Ion channels and regulation of intracellular calcium in vascular endothelial cells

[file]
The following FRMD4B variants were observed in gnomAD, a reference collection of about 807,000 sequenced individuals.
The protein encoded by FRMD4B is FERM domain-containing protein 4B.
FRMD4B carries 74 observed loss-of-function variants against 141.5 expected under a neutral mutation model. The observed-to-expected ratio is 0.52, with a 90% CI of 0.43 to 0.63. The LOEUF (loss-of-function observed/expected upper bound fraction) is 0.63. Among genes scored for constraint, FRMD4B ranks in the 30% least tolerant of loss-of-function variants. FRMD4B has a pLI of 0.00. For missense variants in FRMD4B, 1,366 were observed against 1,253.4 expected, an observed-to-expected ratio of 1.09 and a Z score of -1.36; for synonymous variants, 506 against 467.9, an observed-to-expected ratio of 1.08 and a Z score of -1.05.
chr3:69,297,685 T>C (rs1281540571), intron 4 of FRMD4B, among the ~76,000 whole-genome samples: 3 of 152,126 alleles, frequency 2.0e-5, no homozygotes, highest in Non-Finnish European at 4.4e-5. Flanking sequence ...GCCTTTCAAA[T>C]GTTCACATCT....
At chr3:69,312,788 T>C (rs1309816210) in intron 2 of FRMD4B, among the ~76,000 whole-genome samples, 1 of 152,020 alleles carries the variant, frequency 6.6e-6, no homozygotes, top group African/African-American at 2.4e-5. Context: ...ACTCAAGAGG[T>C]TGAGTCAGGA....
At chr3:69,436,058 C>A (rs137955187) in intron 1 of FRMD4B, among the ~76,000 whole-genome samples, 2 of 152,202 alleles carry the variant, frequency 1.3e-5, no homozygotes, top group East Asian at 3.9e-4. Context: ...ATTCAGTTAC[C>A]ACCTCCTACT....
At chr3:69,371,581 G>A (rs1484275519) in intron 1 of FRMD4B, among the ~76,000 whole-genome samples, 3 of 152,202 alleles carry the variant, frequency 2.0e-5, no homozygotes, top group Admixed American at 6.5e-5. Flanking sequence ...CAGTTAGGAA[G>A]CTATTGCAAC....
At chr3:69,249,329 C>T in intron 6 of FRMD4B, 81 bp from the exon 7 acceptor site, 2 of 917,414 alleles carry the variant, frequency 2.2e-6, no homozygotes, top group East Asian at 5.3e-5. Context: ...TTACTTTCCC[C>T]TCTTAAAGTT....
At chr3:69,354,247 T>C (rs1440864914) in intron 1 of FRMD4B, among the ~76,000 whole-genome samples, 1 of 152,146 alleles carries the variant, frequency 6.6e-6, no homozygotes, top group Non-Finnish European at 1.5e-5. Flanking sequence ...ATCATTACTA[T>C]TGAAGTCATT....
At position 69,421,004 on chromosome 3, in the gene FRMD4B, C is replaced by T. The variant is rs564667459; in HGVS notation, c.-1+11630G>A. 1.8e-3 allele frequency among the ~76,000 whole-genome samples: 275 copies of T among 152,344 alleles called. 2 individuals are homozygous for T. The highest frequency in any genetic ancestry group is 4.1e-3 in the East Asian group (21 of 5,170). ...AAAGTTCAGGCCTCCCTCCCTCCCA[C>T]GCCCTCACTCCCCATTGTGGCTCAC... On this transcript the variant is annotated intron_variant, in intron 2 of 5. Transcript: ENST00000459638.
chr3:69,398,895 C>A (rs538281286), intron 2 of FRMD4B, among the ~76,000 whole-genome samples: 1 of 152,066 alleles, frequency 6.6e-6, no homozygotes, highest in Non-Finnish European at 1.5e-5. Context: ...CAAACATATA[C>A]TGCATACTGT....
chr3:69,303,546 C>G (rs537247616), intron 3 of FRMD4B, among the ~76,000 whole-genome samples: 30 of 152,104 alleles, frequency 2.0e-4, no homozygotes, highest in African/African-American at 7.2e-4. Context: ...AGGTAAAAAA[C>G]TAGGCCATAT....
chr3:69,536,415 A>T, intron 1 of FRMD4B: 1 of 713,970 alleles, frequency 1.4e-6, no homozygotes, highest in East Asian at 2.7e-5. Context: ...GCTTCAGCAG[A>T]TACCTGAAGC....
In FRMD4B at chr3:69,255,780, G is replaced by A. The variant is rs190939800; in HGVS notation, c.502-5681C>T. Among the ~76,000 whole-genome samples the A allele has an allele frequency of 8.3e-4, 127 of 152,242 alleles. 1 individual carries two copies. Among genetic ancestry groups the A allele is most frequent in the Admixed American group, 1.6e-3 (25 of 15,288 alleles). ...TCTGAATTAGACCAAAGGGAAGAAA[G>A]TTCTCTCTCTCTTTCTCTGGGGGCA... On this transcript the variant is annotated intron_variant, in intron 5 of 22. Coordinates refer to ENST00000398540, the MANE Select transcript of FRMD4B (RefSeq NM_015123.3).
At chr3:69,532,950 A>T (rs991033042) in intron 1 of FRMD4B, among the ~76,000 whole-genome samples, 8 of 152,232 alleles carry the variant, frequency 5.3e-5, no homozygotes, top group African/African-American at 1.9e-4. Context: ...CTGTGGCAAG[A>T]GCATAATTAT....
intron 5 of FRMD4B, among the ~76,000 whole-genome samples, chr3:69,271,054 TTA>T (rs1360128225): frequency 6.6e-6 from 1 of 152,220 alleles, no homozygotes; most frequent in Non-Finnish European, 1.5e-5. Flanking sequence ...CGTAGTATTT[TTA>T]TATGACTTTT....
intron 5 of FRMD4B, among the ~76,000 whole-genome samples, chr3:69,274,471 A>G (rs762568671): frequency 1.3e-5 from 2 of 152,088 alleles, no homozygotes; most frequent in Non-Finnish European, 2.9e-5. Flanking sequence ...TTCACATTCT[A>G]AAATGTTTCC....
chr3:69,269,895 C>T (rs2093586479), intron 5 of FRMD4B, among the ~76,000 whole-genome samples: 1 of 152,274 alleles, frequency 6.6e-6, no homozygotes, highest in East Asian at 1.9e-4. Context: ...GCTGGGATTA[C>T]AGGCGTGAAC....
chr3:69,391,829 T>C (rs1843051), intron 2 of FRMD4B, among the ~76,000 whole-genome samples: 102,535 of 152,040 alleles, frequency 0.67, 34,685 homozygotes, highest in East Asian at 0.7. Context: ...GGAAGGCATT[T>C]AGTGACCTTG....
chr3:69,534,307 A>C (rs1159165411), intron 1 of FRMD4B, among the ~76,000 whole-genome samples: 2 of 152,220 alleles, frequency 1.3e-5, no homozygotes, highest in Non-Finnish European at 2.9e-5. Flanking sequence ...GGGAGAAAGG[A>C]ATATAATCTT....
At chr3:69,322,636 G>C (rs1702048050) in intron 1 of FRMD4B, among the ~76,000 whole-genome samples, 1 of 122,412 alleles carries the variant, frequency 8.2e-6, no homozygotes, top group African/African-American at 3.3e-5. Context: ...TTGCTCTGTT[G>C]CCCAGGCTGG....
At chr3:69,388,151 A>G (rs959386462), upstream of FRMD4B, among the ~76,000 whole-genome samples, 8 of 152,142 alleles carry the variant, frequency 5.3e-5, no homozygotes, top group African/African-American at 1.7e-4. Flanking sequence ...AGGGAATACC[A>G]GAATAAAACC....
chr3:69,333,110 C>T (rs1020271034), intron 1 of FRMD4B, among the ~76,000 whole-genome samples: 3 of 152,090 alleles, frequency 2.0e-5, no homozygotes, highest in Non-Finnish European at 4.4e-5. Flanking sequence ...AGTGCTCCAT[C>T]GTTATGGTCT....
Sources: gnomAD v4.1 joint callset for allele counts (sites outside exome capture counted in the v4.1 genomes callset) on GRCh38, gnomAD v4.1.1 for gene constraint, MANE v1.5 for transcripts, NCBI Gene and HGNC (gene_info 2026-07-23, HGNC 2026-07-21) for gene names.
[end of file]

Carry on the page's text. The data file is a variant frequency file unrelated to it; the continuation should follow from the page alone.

Endothelial cells in vivo form an interface between flowing blood and vascular tissue, responding to humoral and physical stimuli to secrete relaxing and contracting factors that contribute to vascular homeostasis and tone. The activation of endothelial cell-surface receptors by vasoactive agents is coupled to an elevation in cytosolic Ca2+, which is caused by Ca2+ entry via ion channels in the plasma membrane and by Ca2+ release from intracellular stores. Ca2+ entry may occur via four different mechanisms: 1) a receptor-mediated channel coupled to second messengers; 2) a Ca2+ leak channel dependent on the electrochemical gradient for Ca2+; 3) a stretch-activated nonselective cation channel; and 4) internal Na+-dependent Ca2+ entry (Na+-Ca2+ exchange). The rate of Ca2+ entry through these ion pathways can be modulated by the resting membrane potential. Membrane potential may be regulated by at least two types of K channels; inwardly rectifying K channels activated upon hyperpolarization or shear stress; and a Ca2+-activated K channel activated upon depolarization, which may function to repolarize the agonist-stimulated endothelial cell. After agonist stimulation, cytosolic Ca2+ increases in a biphasic manner, with an initial peak due to inositol 1,4,5-trisphosphate-mediated Ca2+ release from intracellular stores, followed by a sustained plateau that is dependent on the presence of [Ca2+](o) and on membrane potential. The delay in agonist-activated Ca2+ influx is consistent with the coupling of receptor activation to Ca2+ entry via a second messenger. Oscillations in [Ca2+](i), which may involve both Ca2+ entry and release, have been observed in isolated and confluent endothelial cell monolayers stimulated by histamine and bradykinin. Receptor-mediated Ca2+ entry, release, and refilling of intracellular stores follows a cycle that involves the plasma membrane.
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